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Illustration for crowdsourcing innovationATIZO 360° is one of the Europe’s leading providers of Crowdsourcing and Open Innovation. With a network of thousands of solvers, they help companies to test ideas, seek solutions, and get rapid feedback on business challenges.

Recently, ATIZO 360° relaunched their crowdsourcing platform atizo.com, migrating to HYPE Innovation technology. We spoke with the ATIZO 360° team, to understand how crowdsourcing communities work, and why they switched their technology to HYPE.

So, what does ATIZO 360° offer?

We are a management consulting and services company who supports companies in the innovation game, and especially in the domain of Open Innovation. We support, coach and accompany our clients in finding the right strategic approach for the solution they are seeking, we share fitting best practices and work hand in hand to deliver the best results.

Two of the innovation aspects we provide are open innovation communities and challenges with external crowds. With atizo.com we grant access to Europe’s leading Open Innovation community with over 25,000 users. We enable companies in creating feasible questions to approach the community and we also moderate and facilitate the brainstorming phase. Thus, it is not “only” a tool or a community that we provide, but also all relevant knowledge around community building and best practice processes in terms of Open Innovation.

Besides the existing and constantly growing atizo.com community, we also custom-build communities for our various customers. Open Innovation is a seminal method and tool that allows the involvement of all stakeholder groups, especially clients and customers throughout the innovation process.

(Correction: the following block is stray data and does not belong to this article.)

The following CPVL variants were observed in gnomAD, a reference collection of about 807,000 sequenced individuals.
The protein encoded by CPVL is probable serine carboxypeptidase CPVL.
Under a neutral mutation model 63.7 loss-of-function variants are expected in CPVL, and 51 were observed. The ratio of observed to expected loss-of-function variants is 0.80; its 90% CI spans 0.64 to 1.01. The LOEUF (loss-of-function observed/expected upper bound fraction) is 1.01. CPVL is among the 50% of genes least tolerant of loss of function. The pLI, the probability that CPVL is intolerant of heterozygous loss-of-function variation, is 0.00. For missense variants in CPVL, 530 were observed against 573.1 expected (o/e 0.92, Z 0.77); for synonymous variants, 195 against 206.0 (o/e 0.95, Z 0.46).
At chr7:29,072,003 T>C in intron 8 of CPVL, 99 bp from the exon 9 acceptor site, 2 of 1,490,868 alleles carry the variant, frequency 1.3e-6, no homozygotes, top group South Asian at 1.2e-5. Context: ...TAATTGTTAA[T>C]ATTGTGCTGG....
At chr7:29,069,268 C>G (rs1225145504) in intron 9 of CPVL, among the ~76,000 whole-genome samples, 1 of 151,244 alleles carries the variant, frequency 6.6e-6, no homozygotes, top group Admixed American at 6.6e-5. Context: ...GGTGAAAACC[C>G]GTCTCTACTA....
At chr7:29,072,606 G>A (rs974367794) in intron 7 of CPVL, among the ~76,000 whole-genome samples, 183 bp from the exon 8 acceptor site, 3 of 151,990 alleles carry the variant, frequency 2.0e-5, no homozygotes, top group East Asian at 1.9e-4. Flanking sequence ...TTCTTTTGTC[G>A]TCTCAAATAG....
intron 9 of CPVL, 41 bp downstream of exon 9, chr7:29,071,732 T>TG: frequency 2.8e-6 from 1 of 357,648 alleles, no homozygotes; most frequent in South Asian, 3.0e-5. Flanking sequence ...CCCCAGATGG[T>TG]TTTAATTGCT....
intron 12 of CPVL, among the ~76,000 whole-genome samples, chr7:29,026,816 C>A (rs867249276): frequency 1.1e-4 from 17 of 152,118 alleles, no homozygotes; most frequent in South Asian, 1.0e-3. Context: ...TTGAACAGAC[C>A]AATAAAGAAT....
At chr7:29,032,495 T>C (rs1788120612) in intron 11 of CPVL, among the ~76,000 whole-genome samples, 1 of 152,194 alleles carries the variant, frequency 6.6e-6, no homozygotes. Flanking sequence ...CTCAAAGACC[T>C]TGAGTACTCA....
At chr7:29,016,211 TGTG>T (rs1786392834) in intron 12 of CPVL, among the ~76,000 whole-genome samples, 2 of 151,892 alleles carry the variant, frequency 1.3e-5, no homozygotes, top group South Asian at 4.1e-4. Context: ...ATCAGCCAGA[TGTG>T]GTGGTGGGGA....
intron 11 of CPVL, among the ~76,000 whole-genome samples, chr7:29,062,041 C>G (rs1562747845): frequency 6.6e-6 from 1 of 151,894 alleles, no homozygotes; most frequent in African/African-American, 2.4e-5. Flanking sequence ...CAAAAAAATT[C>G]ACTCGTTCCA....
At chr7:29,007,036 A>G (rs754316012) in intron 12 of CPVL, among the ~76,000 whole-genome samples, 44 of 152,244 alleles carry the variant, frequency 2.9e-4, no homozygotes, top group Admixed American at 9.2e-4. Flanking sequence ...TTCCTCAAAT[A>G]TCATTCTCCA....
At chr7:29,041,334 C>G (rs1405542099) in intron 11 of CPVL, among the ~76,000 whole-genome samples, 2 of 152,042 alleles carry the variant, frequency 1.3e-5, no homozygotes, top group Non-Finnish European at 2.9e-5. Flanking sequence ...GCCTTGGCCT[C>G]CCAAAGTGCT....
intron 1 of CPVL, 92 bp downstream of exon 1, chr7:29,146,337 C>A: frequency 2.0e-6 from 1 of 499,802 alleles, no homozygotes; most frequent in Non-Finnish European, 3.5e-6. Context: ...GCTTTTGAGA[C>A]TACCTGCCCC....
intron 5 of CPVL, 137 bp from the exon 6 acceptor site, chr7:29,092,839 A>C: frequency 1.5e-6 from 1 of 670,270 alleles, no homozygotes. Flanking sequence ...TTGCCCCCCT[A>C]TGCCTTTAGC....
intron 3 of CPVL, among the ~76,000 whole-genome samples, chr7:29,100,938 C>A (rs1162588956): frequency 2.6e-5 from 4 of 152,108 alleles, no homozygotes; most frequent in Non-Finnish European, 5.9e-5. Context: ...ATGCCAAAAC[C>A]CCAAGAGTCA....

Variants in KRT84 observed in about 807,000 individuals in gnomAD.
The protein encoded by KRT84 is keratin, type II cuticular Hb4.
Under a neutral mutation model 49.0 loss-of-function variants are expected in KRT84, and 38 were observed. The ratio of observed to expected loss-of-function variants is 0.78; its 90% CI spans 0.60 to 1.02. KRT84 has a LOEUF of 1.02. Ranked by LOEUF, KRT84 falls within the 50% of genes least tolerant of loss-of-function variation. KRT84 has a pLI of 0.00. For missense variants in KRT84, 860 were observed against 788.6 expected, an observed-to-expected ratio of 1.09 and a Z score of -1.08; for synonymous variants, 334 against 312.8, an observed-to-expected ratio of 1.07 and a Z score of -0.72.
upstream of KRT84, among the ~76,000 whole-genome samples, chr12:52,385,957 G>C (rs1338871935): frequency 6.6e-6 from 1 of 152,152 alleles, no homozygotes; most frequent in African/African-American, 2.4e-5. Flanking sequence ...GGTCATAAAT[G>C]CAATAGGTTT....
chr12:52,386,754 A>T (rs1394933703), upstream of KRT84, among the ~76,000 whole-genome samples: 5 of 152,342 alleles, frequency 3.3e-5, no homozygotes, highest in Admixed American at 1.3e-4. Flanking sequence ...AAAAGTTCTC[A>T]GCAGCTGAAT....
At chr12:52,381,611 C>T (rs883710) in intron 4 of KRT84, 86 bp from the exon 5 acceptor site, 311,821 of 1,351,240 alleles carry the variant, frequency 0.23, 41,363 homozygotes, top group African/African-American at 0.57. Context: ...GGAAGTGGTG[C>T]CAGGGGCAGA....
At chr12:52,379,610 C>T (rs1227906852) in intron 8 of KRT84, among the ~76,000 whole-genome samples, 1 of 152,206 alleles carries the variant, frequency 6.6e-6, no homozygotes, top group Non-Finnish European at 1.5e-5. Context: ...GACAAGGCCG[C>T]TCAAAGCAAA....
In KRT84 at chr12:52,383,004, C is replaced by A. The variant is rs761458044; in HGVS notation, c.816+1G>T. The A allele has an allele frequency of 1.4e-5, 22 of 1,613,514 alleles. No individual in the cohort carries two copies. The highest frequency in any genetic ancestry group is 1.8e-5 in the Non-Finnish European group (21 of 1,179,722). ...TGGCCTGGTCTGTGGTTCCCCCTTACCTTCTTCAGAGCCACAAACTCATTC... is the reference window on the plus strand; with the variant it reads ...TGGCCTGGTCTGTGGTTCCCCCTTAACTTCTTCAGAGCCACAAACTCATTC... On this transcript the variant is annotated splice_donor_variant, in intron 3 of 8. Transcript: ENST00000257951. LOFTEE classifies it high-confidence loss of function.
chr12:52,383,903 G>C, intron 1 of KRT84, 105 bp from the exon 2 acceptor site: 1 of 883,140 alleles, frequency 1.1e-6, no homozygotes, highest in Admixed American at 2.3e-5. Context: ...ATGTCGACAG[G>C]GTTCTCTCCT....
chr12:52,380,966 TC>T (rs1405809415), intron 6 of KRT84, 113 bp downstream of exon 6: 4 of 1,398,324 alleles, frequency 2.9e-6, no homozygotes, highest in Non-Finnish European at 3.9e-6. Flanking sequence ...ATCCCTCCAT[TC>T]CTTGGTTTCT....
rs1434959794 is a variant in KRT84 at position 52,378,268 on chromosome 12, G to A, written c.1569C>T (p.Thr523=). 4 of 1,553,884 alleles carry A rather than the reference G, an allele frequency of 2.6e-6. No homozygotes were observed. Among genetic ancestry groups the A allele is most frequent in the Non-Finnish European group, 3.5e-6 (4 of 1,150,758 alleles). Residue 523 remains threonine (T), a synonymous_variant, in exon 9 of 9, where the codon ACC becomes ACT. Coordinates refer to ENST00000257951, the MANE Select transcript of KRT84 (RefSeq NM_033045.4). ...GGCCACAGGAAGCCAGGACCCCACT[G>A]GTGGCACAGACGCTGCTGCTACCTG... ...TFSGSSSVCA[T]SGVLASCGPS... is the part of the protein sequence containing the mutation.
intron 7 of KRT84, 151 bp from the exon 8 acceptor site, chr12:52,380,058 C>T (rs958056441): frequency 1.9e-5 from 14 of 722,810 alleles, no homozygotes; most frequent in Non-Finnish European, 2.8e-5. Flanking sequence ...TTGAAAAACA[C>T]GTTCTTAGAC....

After the challenge is run, we'll take the best ideas and run a workshop with a selection of the idea authors and the client. We bring those people together physically for a workshop to build upon the ideas as a group, and develop these into concrete solutions.

Can companies run private challenges with discrete audiences?

Yes. You can launch a challenge to a large community such as the one on atizo.com, and allow anyone to sign-in and post ideas, or you can run a private challenge and invite a specific group of people to participate. For the private community, we often recruit specific personas and community members, so that the client gets the bespoke community that will best serve to solve their issues. Furthermore, we ensure confidentiality e.g. through NDA’s if the client wishes so.

Can you provide an example of such challenges?

Concerning a public challenge, we helped Rivella, Switzerland’s most famous soft drinks brand, to create a new beverage that would be accepted in the market and attract a new target group. The community helped them not only to find the fitting flavors with Rhubarb and Peach, but also initiated the development of a whole new sub brand to launch these products. Process-wise this was a consecutive circle of ideation, condensation and reiteration on the results.